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A father’s memory is an inspiration to serve — and to smile
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A father’s memory is an inspiration to serve — and to smile

Rabbi Jehiel Orenstein
Rabbi Jehiel Orenstein

On Passover, among other Jewish holidays, we recite Yizkor to honor the memory of those who have died and, equally, to affirm and maintain our connection to them. Like many Jews, I treasure the opportunity offered by Yizkor to share my memories and my loss with my community. 

But, as anyone who has ever lost a close relative can tell you, you don’t need a formal ritual to remember.

The season itself is a reminder. If you had a relative who led the seder — or cooked for the seder, or had even a minor annual role at the seder — then memories will inevitably come at this time of year. You don’t have to wait for Yizkor. 

My dad, Rabbi Jehiel Orenstein, was rabbi and then rabbi emeritus of Congregation Beth El in South Orange. He led seders. He led Yizkor. But I find myself thinking of him, as Passover approaches, for reasons that are both more sublime — and more ridiculous — than those. 

First, the sublime: My dad had a profound love for freedom. He was an advocate for the release of Soviet Jews, travelling with my mother to Soviet Russia in 1959 (on their honeymoon!) and again in the ’70s and ’80s, bearing Jewish books and other contraband. For my dad, “freedom” wasn’t achieved merely by getting Jews out of Russia. He believed, as the Haggada teaches, that ignorance of God is a kind of bondage, and so he devoted himself to the Jewish education of Russian emigres. 

In the 1990s, my father learned about a man from Cameroon seeking political asylum because he had been thrown in jail and tortured for criticizing the government. Not only did my parents invite this man, Christophe Dosat, into their home, my father attended every hearing and deposition with him. Today, he is an American citizen.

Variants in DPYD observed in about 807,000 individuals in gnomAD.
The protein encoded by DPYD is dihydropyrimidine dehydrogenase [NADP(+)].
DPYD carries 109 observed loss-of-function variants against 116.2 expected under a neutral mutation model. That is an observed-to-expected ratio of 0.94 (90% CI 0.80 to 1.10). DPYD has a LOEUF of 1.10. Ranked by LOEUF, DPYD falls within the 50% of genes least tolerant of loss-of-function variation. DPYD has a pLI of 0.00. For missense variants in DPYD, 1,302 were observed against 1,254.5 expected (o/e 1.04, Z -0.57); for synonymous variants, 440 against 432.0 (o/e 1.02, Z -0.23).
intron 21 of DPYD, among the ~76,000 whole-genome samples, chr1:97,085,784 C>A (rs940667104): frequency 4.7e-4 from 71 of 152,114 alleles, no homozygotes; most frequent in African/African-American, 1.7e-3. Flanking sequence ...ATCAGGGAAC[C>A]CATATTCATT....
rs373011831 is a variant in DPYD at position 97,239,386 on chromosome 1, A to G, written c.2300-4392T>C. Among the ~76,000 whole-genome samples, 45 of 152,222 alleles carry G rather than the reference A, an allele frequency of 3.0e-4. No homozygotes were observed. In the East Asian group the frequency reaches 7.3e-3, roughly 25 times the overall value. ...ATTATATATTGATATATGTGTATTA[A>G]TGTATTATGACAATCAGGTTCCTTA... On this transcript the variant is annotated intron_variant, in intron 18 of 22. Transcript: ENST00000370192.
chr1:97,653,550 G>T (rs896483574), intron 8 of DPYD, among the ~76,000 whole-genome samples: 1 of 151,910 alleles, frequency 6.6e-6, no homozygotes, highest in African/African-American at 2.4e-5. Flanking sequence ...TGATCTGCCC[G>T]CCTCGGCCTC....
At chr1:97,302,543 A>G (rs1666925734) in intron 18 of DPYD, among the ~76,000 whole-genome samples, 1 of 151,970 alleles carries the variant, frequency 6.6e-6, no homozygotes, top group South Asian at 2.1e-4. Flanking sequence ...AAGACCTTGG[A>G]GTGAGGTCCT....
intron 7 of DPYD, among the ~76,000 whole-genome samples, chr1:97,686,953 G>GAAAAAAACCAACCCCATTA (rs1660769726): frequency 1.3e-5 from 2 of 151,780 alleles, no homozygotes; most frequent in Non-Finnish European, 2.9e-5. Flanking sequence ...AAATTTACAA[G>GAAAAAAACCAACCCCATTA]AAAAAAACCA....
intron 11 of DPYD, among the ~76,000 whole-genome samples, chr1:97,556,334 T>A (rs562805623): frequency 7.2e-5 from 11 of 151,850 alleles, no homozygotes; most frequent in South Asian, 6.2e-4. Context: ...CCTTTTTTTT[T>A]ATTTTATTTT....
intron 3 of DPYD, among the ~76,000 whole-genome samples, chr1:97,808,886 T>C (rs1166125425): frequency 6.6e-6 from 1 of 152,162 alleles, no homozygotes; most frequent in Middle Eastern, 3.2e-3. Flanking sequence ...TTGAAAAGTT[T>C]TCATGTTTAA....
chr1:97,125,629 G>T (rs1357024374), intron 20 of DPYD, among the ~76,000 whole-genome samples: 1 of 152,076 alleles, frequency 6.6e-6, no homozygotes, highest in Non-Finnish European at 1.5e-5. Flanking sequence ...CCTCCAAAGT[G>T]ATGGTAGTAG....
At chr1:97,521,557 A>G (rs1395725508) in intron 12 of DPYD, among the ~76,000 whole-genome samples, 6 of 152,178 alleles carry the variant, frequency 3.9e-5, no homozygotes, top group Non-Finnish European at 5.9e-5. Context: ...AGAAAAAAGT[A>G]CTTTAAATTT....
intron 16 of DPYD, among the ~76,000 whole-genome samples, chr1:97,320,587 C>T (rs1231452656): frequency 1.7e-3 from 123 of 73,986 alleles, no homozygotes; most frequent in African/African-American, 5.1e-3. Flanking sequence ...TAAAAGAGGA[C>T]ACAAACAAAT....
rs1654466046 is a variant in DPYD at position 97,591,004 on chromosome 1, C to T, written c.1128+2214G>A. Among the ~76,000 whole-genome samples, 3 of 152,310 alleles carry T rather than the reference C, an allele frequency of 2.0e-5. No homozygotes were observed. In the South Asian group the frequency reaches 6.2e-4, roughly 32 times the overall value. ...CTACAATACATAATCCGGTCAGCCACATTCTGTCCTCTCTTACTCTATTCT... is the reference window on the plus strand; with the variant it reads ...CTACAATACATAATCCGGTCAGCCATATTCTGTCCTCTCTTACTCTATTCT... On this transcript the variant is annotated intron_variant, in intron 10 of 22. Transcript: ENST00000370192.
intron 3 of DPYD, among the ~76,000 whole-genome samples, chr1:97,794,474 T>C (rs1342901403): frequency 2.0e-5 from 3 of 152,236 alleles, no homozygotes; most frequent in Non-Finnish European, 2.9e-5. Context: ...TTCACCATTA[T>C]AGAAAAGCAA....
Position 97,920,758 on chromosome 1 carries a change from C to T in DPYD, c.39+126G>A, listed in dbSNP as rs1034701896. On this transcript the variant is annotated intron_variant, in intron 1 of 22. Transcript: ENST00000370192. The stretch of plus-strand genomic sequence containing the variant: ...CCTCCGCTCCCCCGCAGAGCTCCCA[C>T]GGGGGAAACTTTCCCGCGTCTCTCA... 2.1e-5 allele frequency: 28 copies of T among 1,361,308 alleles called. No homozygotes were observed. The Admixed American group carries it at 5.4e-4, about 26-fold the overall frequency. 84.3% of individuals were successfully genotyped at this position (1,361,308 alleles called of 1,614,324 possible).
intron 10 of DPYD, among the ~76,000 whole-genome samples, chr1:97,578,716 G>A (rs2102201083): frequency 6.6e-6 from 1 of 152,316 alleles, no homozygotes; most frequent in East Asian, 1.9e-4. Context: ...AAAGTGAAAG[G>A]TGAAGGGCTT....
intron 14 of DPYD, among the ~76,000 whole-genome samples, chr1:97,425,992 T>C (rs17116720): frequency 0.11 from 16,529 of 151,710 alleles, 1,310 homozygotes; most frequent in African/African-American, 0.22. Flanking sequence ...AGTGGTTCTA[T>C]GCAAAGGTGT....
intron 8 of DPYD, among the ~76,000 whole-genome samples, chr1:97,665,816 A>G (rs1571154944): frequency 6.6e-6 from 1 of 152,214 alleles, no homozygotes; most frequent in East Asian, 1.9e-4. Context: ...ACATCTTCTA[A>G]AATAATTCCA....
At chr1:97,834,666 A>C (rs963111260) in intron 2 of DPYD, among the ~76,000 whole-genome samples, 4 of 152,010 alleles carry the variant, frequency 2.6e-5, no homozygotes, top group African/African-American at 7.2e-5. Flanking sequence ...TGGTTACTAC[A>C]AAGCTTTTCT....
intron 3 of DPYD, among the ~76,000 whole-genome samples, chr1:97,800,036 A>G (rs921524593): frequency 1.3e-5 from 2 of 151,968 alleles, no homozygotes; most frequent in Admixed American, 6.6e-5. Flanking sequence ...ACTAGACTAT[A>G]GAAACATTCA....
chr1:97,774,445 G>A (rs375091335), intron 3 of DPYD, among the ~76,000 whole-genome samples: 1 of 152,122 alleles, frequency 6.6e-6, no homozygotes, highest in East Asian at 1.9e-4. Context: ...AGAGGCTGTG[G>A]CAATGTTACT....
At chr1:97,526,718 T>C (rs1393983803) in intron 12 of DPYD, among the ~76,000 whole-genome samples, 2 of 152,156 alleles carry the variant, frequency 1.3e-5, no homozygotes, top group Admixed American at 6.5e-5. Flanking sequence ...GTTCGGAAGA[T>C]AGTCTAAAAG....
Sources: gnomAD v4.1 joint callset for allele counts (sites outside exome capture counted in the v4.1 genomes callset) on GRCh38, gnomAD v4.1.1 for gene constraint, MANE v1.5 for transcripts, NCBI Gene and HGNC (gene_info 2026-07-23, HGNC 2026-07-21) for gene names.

To my dad, “Let my people go” was not just a Bible verse or a slogan. It was a moral demand against Pharaohs of every description, on behalf of people from every background. 

Since my dad died, I have devoted most of my social justice work to freeing slaves. The latest estimate is that there are approximately 30 million slaves working throughout the world, with about 60,000 (still, shockingly) in the United States. In March, in collaboration with the organization Free the Slaves, I launched the Judaism & Modern Slavery Project. It consists of two parts: 

Seder Starters: readings and activities for your seder to help you raise awareness of modern slaves and add meaning to your celebration.

The Passover & Modern Slavery Curriculum: lessons for every age — from kindergartners through adults. 

Both resources are free and downloadable at freetheslaves.net/Judaism

The goal is to help Jews connect the story of our enslavement and liberation to the plight — and hopes for freedom — of slaves today. 

It was only after months of work on this project that it dawned on me how much my father’s love of freedom had inspired it. Those who remember my father will recall that he was agreeable, easy-going, and funny. But when people were not free, he became insistent, laser-focused, and serious. He refused to “stand idly by” (Leviticus 19:16). On the cover page of the “Judaism & Modern Slavery Curriculum,” you can see a brief, inadequate dedication: “In memory of Rabbi Jehiel Orenstein.”

And now, the ridiculous: Sometimes, it is the littlest things that remind us of the people we love. People do so many remarkable things in a lifetime, but it’s often the things that are decidedly not remarkable that trigger a rush of feeling or memory. 

Not long after deciding to dedicate the slavery curriculum to my dad, I was finding it hard to unwind after a long day. I turned on the television and happened on a rerun of Castle. My dad was a fan of the show, which features a writer who shadows a New York City detective. I remember questioning him about his affection for it, because I found it so, well, dumb. I couldn’t take more than a few minutes of it before leaving the room. 

But dumb and mindless were what I was after that night. To my surprise, I wasn’t just nostalgic about the show; I actually liked it. Now that my father is not around to watch it with, it reminds me of him. I see what he saw in it, and I dread the day when I will run out of reruns. 

I never would have dreamed that a TV show would be a link between me and my dad. And for a long time, it didn’t occur to me that helping to free slaves was also connecting me, in a much more significant way, to him. 

But seder time or Yizkor time — or anytime — the connection is always there. 

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